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Conference Papers
Publications : Chapters in Books

Paul Gough
'Peace in ruins - the value of mementoes, temporary shrines and floral tributes as markers of public sphere'
in Harutyunyan, A. Horschelmann, K. and Miles, M. (eds.) 'Public Arts after Socialism', Intellect, 2007.
    So Hiroshima. The girder skullcap and empty eye windows of the ruined trade hall. She went through the museum, she read the English captions, and could not believe the cenotaph was so incompetent. The flensed stone and bleached concrete of the wrecked trade hall was much more eloquent.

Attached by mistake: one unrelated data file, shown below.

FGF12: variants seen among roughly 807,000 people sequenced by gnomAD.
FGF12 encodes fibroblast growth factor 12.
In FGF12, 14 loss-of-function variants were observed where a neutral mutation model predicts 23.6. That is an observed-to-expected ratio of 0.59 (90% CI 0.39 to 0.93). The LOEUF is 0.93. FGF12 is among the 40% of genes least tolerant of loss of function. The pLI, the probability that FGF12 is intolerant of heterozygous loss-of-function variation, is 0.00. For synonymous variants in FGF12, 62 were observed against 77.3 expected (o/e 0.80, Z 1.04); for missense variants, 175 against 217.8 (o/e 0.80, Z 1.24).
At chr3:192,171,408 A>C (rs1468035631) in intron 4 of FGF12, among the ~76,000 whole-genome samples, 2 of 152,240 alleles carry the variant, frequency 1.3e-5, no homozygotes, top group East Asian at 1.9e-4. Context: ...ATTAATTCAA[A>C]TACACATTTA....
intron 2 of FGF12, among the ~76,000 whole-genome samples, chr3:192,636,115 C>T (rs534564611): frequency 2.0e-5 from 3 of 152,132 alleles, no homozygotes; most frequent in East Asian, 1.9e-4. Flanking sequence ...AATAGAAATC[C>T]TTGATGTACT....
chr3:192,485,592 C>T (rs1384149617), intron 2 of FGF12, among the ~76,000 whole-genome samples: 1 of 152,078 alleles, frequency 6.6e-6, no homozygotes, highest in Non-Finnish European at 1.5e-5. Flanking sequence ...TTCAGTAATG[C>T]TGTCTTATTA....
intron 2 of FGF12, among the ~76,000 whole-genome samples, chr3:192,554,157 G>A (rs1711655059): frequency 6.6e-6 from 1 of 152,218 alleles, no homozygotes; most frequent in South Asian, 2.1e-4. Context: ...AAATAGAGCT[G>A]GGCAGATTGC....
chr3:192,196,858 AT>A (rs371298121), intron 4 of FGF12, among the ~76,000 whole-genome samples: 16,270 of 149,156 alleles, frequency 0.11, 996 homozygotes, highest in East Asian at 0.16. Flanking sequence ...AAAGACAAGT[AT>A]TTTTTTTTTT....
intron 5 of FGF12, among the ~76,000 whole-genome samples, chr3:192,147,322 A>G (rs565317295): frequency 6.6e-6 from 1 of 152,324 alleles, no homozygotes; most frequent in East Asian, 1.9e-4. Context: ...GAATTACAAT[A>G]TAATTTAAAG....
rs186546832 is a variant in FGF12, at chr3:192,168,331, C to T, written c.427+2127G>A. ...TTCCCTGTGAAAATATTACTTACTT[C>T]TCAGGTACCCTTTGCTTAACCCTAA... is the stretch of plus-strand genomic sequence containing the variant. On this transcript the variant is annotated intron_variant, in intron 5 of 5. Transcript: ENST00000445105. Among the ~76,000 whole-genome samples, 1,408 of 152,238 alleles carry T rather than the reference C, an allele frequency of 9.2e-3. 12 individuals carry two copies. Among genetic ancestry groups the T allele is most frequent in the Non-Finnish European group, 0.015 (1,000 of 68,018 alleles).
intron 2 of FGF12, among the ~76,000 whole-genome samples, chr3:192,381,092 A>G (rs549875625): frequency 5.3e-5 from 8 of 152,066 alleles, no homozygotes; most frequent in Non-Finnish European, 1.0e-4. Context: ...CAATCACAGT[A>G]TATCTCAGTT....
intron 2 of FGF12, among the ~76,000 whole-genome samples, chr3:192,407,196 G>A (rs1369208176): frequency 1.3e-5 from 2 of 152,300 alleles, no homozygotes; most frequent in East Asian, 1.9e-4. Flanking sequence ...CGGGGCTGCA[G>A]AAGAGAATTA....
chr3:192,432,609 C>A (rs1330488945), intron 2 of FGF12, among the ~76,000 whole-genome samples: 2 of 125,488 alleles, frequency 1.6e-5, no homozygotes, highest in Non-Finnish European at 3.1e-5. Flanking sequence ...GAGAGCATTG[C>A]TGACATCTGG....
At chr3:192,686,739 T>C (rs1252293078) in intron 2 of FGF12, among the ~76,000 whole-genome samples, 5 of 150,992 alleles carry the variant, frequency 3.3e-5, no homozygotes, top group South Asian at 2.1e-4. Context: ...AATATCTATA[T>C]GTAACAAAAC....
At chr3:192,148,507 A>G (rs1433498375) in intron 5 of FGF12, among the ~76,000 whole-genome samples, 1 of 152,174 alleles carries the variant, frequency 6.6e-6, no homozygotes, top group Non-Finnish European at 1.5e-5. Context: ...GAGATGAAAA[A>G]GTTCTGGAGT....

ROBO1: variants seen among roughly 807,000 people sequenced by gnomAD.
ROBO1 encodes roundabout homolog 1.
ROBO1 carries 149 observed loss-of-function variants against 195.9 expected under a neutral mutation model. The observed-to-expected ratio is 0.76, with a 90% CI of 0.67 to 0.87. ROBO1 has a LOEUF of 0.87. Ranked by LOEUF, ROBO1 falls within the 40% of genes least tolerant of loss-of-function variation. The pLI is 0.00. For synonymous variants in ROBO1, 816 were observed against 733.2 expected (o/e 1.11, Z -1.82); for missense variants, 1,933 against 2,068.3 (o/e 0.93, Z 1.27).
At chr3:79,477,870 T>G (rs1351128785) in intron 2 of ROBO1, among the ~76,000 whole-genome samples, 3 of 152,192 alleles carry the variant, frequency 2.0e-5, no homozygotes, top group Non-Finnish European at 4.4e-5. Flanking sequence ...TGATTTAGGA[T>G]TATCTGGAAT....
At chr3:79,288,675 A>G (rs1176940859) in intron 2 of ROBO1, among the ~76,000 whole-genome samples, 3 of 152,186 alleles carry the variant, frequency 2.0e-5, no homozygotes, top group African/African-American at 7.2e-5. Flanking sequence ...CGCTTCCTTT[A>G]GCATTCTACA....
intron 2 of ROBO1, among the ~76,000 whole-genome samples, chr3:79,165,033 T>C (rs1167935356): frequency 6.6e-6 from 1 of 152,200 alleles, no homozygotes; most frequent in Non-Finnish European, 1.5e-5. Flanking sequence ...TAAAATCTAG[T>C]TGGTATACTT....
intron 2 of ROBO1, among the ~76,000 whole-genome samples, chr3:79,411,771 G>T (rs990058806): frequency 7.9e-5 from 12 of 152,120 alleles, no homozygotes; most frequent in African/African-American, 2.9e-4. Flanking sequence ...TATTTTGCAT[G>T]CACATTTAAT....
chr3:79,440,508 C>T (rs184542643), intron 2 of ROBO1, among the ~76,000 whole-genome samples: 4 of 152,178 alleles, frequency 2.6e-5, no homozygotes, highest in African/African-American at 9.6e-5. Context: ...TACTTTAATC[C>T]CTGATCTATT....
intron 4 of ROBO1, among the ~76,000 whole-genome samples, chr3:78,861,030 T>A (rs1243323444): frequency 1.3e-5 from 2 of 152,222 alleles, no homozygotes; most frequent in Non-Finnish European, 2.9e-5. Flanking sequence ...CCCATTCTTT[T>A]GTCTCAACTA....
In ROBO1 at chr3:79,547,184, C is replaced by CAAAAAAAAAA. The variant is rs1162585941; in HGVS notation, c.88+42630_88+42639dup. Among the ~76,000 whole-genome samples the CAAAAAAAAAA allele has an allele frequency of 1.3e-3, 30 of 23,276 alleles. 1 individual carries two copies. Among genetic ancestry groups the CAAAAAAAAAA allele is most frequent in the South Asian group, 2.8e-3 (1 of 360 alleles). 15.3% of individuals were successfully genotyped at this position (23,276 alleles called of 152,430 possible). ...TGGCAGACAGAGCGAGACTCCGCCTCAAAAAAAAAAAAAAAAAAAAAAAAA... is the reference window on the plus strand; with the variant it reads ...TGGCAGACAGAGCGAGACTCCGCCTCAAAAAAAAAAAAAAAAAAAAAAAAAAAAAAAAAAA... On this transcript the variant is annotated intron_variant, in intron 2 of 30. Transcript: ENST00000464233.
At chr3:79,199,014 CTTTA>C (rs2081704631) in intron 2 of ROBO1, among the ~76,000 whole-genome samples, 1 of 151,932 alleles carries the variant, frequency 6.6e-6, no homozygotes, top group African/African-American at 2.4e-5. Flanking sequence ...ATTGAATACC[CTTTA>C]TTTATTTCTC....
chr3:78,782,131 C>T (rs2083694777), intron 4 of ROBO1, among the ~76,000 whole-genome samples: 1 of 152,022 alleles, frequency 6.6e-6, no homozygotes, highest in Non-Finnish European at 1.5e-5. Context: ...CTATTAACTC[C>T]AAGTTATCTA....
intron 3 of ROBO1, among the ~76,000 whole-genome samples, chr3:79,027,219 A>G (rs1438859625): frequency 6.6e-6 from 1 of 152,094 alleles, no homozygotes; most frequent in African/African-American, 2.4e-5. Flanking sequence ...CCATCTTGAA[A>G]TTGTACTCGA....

She stood on the banks of the river with her back to the Peace Park, watching the shadow lengthen across the grey-brown waters while the sky turned red, and felt the tears roll down her cheeks.
    Too much, turn away. (Banks 1989:175)
John F. Kennedy argued that 'Peace is a daily, a weekly, a monthly process, gradually changing opinions, slowly eroding old barriers, quietly building new structures'. He had in mind not physical structures - such as reverential monuments, buildings and memorials - but social, economic and legitimising systems that might be nurtured and supported through osmotic processes of slow, but purposive, change.

It was Kennedy's successor, Lyndon B Johnson, who captured this ideal when he suggested that 'peace is a journey of a thousand miles and it must be taken one step at a time.'